Location: Pest Management and Biocontrol ResearchTitle: Can pyramids and seed mixtures delay resistance to Bt crops?
|CARRIERE, YVES - University Of Arizona|
|TABASHNIK, BRUCE - University Of Arizona|
Submitted to: Trends in Biotechnology
Publication Type: Review Article
Publication Acceptance Date: 12/16/2015
Publication Date: 3/23/2016
Publication URL: https://handle.nal.usda.gov/10113/62182
Citation: Carriere, Y., Fabrick, J.A., Tabashnik, B. 2016. Can pyramids and seed mixtures delay resistance to Bt crops? Trends in Biotechnology. 34(4):291-302. doi: 10.1016/j.tibtech.2015.12.011.
Interpretive Summary: Genetically modified or transgenic crops producing Bacillus thuringiensis (Bt) insecticidal proteins are key management tools against numerous important insect pests. Such Bt transgenic crops produce Bt toxins within the plant and selectively target insect pests while having little impact on beneficial insects or other plants or animals. Bt crops produce either a single toxin or more than one Bt toxin (called a pyramid). Bt pyramids increase the range of activity against pests and delay the development of resistance. Nevertheless, both single-toxin and pyramided Bt crops are vulnerable to the development of resistance. The use of Bt pyramids and the simultaneous planting of non-Bt crops to produce susceptible pest insects (also known as the "refuge strategy") are currently the primary strategies used to delay development of resistance to Bt crops by insect pests. Whereas five factors contribute to the durability of both single-toxin and pyramided crops, three factors contribute uniquely to the durability of pyramids. Here, we show that conditions in the field often deviate from optimal implementation of key resistance management factors for some pests and that additional management strategies to delay resistance to Bt crops are needed.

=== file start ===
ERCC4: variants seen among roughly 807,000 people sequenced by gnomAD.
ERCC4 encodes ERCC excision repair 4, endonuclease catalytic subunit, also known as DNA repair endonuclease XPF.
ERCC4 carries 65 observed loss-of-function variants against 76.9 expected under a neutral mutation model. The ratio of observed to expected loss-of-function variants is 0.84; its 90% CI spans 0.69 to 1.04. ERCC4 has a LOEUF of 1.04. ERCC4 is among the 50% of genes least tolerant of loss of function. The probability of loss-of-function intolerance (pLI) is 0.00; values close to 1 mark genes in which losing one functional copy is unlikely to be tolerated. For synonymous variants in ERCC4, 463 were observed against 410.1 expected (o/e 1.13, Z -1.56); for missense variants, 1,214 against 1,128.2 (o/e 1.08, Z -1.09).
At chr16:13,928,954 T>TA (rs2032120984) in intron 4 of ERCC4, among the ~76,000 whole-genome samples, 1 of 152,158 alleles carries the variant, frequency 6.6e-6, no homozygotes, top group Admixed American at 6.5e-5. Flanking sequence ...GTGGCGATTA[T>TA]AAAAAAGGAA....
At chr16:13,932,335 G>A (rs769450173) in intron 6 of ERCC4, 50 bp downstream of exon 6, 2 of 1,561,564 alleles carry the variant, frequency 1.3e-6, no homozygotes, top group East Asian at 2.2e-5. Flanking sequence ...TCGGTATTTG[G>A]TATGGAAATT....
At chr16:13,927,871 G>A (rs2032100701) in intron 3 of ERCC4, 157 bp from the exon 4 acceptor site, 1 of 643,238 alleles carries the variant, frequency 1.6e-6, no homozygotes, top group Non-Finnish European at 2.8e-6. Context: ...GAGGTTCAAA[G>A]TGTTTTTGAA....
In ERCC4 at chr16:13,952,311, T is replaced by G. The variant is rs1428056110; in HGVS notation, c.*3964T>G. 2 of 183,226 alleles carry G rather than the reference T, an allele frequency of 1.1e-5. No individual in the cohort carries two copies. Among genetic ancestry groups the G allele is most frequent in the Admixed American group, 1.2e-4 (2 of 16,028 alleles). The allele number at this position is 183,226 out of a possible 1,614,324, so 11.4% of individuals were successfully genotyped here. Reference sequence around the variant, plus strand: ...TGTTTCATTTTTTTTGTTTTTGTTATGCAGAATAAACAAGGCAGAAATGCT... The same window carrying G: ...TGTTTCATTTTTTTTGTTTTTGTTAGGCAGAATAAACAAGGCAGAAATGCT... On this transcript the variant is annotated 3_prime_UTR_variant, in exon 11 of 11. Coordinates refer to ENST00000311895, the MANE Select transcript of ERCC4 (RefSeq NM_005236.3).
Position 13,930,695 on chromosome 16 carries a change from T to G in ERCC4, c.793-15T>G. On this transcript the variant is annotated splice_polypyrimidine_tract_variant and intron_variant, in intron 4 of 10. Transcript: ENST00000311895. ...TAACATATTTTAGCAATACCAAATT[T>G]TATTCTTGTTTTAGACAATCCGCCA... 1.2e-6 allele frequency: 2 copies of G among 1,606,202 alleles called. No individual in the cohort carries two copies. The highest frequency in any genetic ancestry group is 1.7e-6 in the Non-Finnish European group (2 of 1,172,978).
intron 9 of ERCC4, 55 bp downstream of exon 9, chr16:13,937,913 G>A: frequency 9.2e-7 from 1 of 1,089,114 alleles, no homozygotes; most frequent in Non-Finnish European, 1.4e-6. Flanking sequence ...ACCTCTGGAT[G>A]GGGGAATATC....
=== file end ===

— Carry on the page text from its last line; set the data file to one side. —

Technical Abstract: The primary strategy for delaying evolution of pest resistance to transgenic crops that produce insecticidal proteins from Bacillus thuringiensis (Bt) entails refuges of plants that do not produce Bt toxins and thus allow survival of susceptible pests. Recent advances include using refuges together with Bt crop "pyramids" involving two or more Bt toxins effective against the same pest, and planting seed mixtures of pyramided Bt and non-Bt corn plants within fields. We conclude that conditions often deviate from those favoring sustainability of pyramids and seed mixtures, particularly against pests with low inherent susceptibility to Bt toxins. For these problematic pests, promising approaches include using larger refuges and integrating Bt crops with other pest management tactics.